Renata Zandonadi


i. Your self-portrait reminds me of a Brancusi sculpture in its poise and purity of line. There’s also a sense of joy emanating from your every pore. Is that an accurate depiction of how you see yourself?

Brancusi is my favorite artist! That is the best and most sophisticated compliment I have ever heard, thank you.

His sculptures are so sublime, that is not exactly how I see myself but I’ll definitely take the joy part. I’m Brazilian after all and joy is part of our identity.

ii. What things do you find most integral to maintaining your centre of gravity?

Being connected to my faith and to my family in the first place. Exercising and being surrounded by nature (preferably both together) also contributes massively into keeping me grounded and focused on the right things.

iii. You previously mentioned you are taking a Yale course in American History to be able to gain a better understanding of racial problems in America. And that it is expanding your universe in ways previously unimagined. Please tell us a little bit more about that.

The Yale course on African American history I’m taking (which is free by the way) is lectured by a very passionate and extremely eloquent professor called Jonathan Holloway. I decided to enroll in order to better understand the racism problem in the country I chose to call home, which has a quite particular form of prejudice. As a privileged white woman, I’ll probably never fully comprehend it but I can certainly expand my knowledge and therefore my empathy and compassion to the next level. Knowledge is freedom, we all have to do our part and fight together for equality.

iv. Could you please share about whatever it is you feel passionate about at the moment?

I’m very passionate about fashion but I confess quarantine has shifted my perspective quite a bit. I’ve always loved doing things with my hands and I recently fell in love with watercolor painting. I've been painting pretty much every day whilst listening to podcasts or audio books - usually the happiest hour of my day. I also feel very passionate about cooking healthy recipes at the moment and am constantly day dreaming about having my very own vegetable garden in Malibu one day.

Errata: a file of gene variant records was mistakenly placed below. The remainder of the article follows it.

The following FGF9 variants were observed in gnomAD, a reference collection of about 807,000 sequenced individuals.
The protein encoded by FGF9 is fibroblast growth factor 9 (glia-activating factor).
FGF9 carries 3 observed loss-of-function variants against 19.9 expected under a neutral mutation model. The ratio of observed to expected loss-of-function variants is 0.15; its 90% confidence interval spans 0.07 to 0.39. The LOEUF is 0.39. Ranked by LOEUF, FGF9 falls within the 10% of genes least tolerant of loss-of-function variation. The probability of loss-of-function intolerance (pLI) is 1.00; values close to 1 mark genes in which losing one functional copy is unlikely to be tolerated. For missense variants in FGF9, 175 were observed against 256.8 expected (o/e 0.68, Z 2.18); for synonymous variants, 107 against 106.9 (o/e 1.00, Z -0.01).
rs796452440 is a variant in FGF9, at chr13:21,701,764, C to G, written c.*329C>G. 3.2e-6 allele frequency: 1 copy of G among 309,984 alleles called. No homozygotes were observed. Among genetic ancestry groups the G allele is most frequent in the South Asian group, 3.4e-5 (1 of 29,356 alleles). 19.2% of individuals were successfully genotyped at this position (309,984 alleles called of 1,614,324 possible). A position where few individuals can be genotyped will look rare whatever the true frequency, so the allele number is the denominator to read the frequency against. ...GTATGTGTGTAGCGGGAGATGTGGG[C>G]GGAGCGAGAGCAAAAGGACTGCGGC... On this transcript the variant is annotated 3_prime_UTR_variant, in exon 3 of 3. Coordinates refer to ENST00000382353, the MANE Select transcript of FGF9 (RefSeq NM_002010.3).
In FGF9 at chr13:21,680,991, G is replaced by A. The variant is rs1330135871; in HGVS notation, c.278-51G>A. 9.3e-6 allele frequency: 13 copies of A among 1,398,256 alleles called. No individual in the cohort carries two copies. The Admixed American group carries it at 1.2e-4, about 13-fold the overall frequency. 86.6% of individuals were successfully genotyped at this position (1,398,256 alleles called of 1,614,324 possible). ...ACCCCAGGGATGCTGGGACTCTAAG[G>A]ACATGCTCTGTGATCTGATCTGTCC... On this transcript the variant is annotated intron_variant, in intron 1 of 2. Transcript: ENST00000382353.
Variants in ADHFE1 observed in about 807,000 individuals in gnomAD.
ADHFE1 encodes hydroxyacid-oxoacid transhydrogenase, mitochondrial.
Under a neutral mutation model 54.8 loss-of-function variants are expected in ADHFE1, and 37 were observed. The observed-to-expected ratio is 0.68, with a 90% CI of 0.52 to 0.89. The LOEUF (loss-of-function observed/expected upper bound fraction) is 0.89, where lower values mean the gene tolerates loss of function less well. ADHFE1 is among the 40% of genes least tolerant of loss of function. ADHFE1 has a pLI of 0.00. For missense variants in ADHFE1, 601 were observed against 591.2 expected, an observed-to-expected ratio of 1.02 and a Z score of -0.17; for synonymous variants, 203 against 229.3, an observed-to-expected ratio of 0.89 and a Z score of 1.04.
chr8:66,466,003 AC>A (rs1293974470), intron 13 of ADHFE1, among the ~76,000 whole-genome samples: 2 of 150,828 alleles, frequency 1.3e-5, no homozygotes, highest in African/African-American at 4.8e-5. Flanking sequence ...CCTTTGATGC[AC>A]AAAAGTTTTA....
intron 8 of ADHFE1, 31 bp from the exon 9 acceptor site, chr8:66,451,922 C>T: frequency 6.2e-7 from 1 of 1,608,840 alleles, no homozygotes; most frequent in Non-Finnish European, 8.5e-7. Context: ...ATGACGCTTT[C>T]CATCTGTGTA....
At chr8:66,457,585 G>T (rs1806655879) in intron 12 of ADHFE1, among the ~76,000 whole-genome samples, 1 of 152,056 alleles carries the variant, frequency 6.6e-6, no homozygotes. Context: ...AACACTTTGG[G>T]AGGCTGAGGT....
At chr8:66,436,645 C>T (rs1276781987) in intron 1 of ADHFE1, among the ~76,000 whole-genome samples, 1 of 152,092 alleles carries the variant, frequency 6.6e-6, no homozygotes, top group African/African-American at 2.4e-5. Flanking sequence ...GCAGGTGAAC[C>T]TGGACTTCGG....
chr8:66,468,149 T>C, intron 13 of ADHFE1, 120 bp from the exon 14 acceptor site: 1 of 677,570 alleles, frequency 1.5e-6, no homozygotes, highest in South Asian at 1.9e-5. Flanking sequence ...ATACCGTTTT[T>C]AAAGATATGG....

v. How do you keep inspired?

Usually attending art exhibitions is the one thing that inspires me the most. While museums and galleries are still closed in the US, I’ve been researching about female artists such as Anni Albers, Otti Berger, Loïs Mailou Jones, Kara Walker and Varnette Honeywood. They’re all so cool in their own world and aesthetic. Learning about talented women in general or anything that somehow leads me to women empowerment inspires me. We have to value and praise each other more often.

vi. Your thoughts on what makes women beautiful.

Confidence and easiness, or as confusing as it sounds, refinement and simplicity.

Name-Throwing:

Artists: Constantin Brancusi, Salvador Dali, Sheila Hicks, Josef Albers, Frank Stella, Cindy Sherman

Books: Pride and Prejudice by Jane Austen, Educated by Tara Westover, Helmut Newton Autobiography, The Magic Mountain by Thomas Mann, Dom Casmurro by Machado de Assis, Creative

Visualization by Shakti Gawain

Music: Pela Luz dos Olhos Teus by Tom Jobim, Samba da benção by Vinicius de Moraes, Cavaquinho by Maria

Toledo, Under Pressure by David Bowie and Queen

Movies/TV Series: Lion, The Meyerowitz Stories, The Artist, Perfume, Breaking Bad, Sex and the City, Homeland

NYC spots: Pietro NoLita, Indochine, Miss Lilys, Lucien, ABCv, Sant Ambroeus, West Bourne, Kura, Decoy

Muses: There are so many and for different reasons too. Here’re a few: my mom, Cindy Crawford, Grace Jones, Françoise Hardy, Giovanna Engelbert, Michelle Obama, Ruth Bader Ginsburg